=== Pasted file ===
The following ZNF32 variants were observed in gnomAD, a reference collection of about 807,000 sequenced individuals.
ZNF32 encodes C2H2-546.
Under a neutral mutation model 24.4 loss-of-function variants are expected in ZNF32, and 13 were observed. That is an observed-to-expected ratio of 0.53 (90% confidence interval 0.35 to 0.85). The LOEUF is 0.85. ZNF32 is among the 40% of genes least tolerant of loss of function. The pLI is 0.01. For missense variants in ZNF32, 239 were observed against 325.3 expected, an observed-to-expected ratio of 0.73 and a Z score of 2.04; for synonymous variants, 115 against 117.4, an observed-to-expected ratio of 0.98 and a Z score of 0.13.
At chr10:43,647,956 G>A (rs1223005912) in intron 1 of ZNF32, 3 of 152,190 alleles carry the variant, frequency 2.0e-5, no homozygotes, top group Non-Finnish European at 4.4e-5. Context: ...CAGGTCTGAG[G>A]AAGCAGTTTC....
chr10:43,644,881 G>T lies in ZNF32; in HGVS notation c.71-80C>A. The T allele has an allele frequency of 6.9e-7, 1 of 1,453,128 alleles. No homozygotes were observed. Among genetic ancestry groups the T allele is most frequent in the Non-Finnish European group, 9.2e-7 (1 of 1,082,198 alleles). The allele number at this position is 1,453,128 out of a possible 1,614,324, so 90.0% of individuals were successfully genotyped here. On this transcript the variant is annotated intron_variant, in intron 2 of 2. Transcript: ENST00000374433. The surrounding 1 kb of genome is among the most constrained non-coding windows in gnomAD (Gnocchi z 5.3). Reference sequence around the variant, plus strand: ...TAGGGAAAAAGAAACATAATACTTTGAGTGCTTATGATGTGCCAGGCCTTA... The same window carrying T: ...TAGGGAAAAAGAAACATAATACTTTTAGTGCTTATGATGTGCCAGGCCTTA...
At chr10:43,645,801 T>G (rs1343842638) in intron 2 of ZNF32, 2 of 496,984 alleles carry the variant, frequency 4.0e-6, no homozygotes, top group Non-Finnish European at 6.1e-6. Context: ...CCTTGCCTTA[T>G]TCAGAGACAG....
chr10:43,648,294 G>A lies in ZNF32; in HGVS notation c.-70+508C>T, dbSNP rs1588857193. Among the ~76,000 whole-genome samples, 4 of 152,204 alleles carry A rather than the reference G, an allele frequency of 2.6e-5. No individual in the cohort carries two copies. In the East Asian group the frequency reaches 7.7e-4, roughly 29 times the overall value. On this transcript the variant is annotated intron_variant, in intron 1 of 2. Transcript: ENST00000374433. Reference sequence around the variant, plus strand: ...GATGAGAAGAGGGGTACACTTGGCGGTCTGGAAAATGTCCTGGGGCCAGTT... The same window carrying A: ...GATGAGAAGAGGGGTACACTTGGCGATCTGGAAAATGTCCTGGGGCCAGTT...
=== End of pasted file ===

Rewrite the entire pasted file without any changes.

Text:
The following ZNF32 variants were observed in gnomAD, a reference collection of about 807,000 sequenced individuals.
ZNF32 encodes C2H2-546.
Under a neutral mutation model 24.4 loss-of-function variants are expected in ZNF32, and 13 were observed. That is an observed-to-expected ratio of 0.53 (90% confidence interval 0.35 to 0.85). The LOEUF is 0.85. ZNF32 is among the 40% of genes least tolerant of loss of function. The pLI is 0.01. For missense variants in ZNF32, 239 were observed against 325.3 expected, an observed-to-expected ratio of 0.73 and a Z score of 2.04; for synonymous variants, 115 against 117.4, an observed-to-expected ratio of 0.98 and a Z score of 0.13.
At chr10:43,647,956 G>A (rs1223005912) in intron 1 of ZNF32, 3 of 152,190 alleles carry the variant, frequency 2.0e-5, no homozygotes, top group Non-Finnish European at 4.4e-5. Context: ...CAGGTCTGAG[G>A]AAGCAGTTTC....
chr10:43,644,881 G>T lies in ZNF32; in HGVS notation c.71-80C>A. The T allele has an allele frequency of 6.9e-7, 1 of 1,453,128 alleles. No homozygotes were observed. Among genetic ancestry groups the T allele is most frequent in the Non-Finnish European group, 9.2e-7 (1 of 1,082,198 alleles). The allele number at this position is 1,453,128 out of a possible 1,614,324, so 90.0% of individuals were successfully genotyped here. On this transcript the variant is annotated intron_variant, in intron 2 of 2. Transcript: ENST00000374433. The surrounding 1 kb of genome is among the most constrained non-coding windows in gnomAD (Gnocchi z 5.3). Reference sequence around the variant, plus strand: ...TAGGGAAAAAGAAACATAATACTTTGAGTGCTTATGATGTGCCAGGCCTTA... The same window carrying T: ...TAGGGAAAAAGAAACATAATACTTTTAGTGCTTATGATGTGCCAGGCCTTA...
At chr10:43,645,801 T>G (rs1343842638) in intron 2 of ZNF32, 2 of 496,984 alleles carry the variant, frequency 4.0e-6, no homozygotes, top group Non-Finnish European at 6.1e-6. Context: ...CCTTGCCTTA[T>G]TCAGAGACAG....
chr10:43,648,294 G>A lies in ZNF32; in HGVS notation c.-70+508C>T, dbSNP rs1588857193. Among the ~76,000 whole-genome samples, 4 of 152,204 alleles carry A rather than the reference G, an allele frequency of 2.6e-5. No individual in the cohort carries two copies. In the East Asian group the frequency reaches 7.7e-4, roughly 29 times the overall value. On this transcript the variant is annotated intron_variant, in intron 1 of 2. Transcript: ENST00000374433. Reference sequence around the variant, plus strand: ...GATGAGAAGAGGGGTACACTTGGCGGTCTGGAAAATGTCCTGGGGCCAGTT... The same window carrying A: ...GATGAGAAGAGGGGTACACTTGGCGATCTGGAAAATGTCCTGGGGCCAGTT...